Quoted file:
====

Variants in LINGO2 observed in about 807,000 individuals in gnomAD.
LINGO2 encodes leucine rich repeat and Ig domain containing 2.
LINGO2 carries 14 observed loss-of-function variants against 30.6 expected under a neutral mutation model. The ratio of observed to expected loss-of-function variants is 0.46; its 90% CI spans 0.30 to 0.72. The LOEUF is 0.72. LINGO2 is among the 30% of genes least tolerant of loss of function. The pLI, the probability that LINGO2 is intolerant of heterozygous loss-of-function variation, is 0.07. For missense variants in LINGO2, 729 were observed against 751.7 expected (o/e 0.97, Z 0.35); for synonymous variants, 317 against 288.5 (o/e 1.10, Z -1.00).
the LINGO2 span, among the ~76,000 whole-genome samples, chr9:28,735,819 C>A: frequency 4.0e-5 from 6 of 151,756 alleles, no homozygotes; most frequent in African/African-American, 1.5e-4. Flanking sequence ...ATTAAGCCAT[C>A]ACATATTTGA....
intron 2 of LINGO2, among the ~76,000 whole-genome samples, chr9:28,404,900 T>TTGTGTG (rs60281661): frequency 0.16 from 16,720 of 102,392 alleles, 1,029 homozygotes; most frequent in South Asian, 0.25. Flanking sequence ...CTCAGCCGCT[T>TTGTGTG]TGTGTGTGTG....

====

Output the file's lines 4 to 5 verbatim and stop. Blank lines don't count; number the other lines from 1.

the LINGO2 span, among the ~76,000 whole-genome samples, chr9:28,735,819 C>A: frequency 4.0e-5 from 6 of 151,756 alleles, no homozygotes; most frequent in African/African-American, 1.5e-4. Flanking sequence ...ATTAAGCCAT[C>A]ACATATTTGA....
intron 2 of LINGO2, among the ~76,000 whole-genome samples, chr9:28,404,900 T>TTGTGTG (rs60281661): frequency 0.16 from 16,720 of 102,392 alleles, 1,029 homozygotes; most frequent in South Asian, 0.25. Flanking sequence ...CTCAGCCGCT[T>TTGTGTG]TGTGTGTGTG....